30 Mar 2011

Thrilled ...

I have to tell you I'm feeling highly delighted today;  Would you just look at this blossom!  This Conference Pear was planted as part of the 'mini-orchard' in November 2009 on a bitterly cold day, immediately after clearing the choking ivy.  After an anxious wait through snow-filled winter days, a few buds proved it had survived its first winter.  Not much else happened in 2010.  After seeing this, I'm tentatively looking forward to eating some delicious home-grown pears from this 18 month old tree later this year.

Stuff you might like to know...
  • The pear trees were supplied on semi-dwarf rootstock so shouldn't grow taller than 10 feet.  (A pear tree in a nearby park is SO tall you couldn't reach the fruit even with a high ladder!)  The planting holes were part filled with good rich compost as the existing soil in the walled flower borders was pretty tired.  
  • Fruit trees should be left for their first year, with all blossom pruned off, so that all energy goes into establishing a strong root system.  
  • Second year trees may need feeding with potassium (for fruit and flowers) and/or nitrogen for growth. I'll use dried poultry pellets for our pear trees which is the organic option.  They'll also benefit from deep mulching around the tree with organic matter (such as leaf mould or garden compost) in mid to late spring but make sure the mulch is applied at least 10cm away from the tree to stop the bark rotting.  This will help to preserve moisture around the roots in the summer. 
  • RHS offers more detailed advice on this topic here.

29 Mar 2011

Funny ...

Of the requests (mostly ignored) that I get for promotional links on this blog, this one got my attention - for all the wrong reasons.

Subject:  Congratulation : Your Blog Have Choose For Featured At Bed Comforter Sets !
This is Shiela (sic) from bedcomfortersets.me.uk
We stumbled on your blog while searching for Bed Comforter Sets related information. We operate the largest Bed Comforter Sets website featuring more than 30,000 blogs. Our site averages 200,000 uniques visitors per month. Based on your blog's popularity and other factors, we have featured your blog at bedcomfortersets.me.uk.
We would be grateful if you could add our details to your blogs main page.

Hmm.  Now, what could I have said to that?  Perhaps:
Dear Shiela,
Thanks for your interest - I think you might have ever-so-slightly missed the point.  Nice bedlinen to comfort my raised beds? Now that really would spoil my veg rotten. ; )
Urban Veg Patch

On another (completely unrelated) note, here's a picture of a rather fetching asparagus shoot that I found in the vegpatch this morning.  Probably should have been picked before now but will be cooked by 7 tonight.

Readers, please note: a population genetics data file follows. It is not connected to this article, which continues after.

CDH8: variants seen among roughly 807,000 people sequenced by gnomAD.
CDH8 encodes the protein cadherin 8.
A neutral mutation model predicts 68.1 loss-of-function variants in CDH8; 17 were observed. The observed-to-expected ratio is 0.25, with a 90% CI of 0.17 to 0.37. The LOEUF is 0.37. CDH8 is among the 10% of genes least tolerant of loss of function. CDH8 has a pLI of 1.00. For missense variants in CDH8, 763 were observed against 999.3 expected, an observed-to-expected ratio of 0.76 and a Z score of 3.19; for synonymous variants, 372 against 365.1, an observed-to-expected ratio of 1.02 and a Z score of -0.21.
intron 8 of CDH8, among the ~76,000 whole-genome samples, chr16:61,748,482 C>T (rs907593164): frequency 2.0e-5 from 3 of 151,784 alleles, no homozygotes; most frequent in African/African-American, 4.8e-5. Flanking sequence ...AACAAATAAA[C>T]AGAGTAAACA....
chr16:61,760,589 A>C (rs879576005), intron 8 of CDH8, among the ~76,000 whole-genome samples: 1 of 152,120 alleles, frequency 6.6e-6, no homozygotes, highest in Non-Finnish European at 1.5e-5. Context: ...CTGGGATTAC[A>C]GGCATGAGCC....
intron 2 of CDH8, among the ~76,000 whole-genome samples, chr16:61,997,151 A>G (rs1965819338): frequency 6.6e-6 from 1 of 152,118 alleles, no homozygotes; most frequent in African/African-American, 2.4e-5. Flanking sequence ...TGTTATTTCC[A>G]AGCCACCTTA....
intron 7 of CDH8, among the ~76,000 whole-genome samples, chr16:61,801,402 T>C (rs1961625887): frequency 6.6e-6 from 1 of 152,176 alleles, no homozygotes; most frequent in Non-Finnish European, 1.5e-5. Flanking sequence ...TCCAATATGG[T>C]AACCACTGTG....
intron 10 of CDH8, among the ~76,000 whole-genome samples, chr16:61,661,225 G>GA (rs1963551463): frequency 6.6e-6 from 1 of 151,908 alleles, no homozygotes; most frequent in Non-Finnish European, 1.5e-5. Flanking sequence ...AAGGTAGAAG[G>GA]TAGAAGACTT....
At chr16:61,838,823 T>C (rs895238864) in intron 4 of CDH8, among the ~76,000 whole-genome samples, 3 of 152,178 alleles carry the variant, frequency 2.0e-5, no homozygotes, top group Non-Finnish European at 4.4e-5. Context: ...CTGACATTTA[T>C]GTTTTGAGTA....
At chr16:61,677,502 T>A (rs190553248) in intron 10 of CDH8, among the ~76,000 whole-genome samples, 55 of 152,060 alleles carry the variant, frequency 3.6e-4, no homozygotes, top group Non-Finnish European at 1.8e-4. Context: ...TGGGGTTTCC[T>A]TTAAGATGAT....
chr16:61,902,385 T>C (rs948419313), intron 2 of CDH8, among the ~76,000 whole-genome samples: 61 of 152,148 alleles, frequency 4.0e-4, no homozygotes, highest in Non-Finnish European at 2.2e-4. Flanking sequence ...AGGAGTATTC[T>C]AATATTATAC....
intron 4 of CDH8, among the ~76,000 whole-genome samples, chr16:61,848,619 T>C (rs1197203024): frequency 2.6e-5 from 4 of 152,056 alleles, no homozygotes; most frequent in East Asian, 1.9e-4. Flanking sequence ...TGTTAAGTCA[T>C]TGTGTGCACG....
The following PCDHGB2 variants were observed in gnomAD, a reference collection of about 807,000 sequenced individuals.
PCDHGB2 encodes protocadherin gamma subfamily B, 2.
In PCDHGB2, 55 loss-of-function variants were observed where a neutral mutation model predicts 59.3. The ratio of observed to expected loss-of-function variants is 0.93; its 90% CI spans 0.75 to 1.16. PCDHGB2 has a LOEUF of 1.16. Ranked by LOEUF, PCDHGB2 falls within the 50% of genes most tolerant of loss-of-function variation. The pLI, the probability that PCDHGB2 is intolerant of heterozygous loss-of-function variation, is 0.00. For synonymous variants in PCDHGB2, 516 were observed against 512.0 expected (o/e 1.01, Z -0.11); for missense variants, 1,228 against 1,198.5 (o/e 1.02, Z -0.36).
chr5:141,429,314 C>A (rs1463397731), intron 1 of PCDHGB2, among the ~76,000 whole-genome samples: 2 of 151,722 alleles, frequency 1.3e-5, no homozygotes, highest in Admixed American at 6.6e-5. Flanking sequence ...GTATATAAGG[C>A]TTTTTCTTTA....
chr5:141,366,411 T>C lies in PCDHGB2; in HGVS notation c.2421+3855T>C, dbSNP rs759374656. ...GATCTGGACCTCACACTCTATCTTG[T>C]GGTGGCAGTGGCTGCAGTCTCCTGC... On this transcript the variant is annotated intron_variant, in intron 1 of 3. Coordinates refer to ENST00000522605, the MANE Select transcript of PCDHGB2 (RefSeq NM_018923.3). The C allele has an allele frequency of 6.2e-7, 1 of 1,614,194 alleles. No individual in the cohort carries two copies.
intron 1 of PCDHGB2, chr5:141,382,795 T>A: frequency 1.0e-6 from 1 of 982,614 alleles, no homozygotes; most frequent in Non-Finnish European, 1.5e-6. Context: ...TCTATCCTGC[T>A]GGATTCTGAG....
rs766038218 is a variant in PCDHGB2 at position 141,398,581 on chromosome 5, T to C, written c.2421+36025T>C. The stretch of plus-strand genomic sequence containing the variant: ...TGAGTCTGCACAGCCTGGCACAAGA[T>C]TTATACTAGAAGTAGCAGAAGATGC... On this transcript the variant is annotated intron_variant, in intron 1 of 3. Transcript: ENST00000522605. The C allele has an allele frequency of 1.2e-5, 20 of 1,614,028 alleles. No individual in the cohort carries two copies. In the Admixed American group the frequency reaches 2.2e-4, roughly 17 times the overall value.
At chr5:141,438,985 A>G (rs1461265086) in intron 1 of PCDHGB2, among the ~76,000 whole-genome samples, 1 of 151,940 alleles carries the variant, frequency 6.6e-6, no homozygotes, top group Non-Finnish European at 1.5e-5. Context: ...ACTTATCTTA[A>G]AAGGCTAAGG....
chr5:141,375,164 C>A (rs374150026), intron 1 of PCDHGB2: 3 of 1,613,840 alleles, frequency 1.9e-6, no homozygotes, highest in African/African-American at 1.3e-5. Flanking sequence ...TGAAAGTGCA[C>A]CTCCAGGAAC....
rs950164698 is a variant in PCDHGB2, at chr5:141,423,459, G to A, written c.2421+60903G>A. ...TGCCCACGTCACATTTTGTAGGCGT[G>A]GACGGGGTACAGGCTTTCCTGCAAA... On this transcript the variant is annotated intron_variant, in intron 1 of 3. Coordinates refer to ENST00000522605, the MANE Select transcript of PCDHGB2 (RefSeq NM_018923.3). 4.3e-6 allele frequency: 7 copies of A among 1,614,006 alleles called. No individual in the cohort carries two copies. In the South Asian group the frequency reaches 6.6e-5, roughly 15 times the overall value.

22 Mar 2011

Sunflower Challenge 2011

Last year I encouraged the Veg Patch Kids to grow sunflowers, just for the love of growing spectacular plants.  We planted them in a row against a warm sunny wall where their large yellow blooms nodded gaily at passers-by and drew some very complimentary comments.  (The Veg Patch sits in a 'sunken' garden so the flowers, despite being over 6' tall, were at eye level!)

We'll do the same this year (but, hopefully, with lots more flowers planted).  It's such a fun thing to do with children that nearly everyone does it and, if you haven't got your seeds yet, can I point you in the direction of a Sunflower Challenge that's being run to raise funds for Compton Hospice?  The name will only be familiar to people in the West Midlands.  As this is where one of my sisters lives, I can vouch for this being a very worthwhile cause.  I know it through the annual fund raising efforts of local people;  in my sister's street, a friend and neighbour makes legendary jams and chutneys from her brother-in-law's allotment and sells the lot in aid of Compton Hospice.

For a £2 donation, which buys you sunflower seeds, enter the competition (as a family, school or group) and be in with a chance to win lovely prizes.  Or do it just for fun, knowing that the beauty growing in your garden is making a difference to someone's life.

More info about the competition here - and this is where you'll also find an e-book of sunflower activities to do with the kids, download for free.

13 Mar 2011

The forgiveness of nature

This is what lures me back to the garden:  despite a lack of motivation/time to tend to the veg patch over the winter months, I recently discovered that I've nevertheless been rewarded by a small crop of extremely beautiful, small and tasty Romanesco cauliflowers.  The semi-neglected plants had persevered to produce perfect and stunning little fractal florets, very pleasing to the eye and extremely pleasing to the palate when steamed and served with a light and creamy cheese sauce*.  I felt almost mean cutting them down and eating them after so much effort (on their part) through cold winter months but, given the delicious flavour, will definitely be growing them again.  (Particularly as they practically grow themselves.)

A quick search online tells me that because they're part of the Brassica family, they're known in France as a cabbage (chou), in Germany as Pyramid Cauliflowers and in Italy as broccolo Romanesco (broccoli).  Thereby demonstrating the diversity of the species Brassica oleracea L.  Where would I be without Google?
• • • • • • • • •
* I usually make my cheese sauce by adding a variety of cheeses to a basic Bechamel (white) sauce: a farmhouse cheddar, perhaps some Gruyere or Pecorino but this time I used cheddar with a little bit of Fortnum's Stilton which goes very nicely when teamed with cauliflower or broccoli.
Related Posts Plugin for WordPress, Blogger...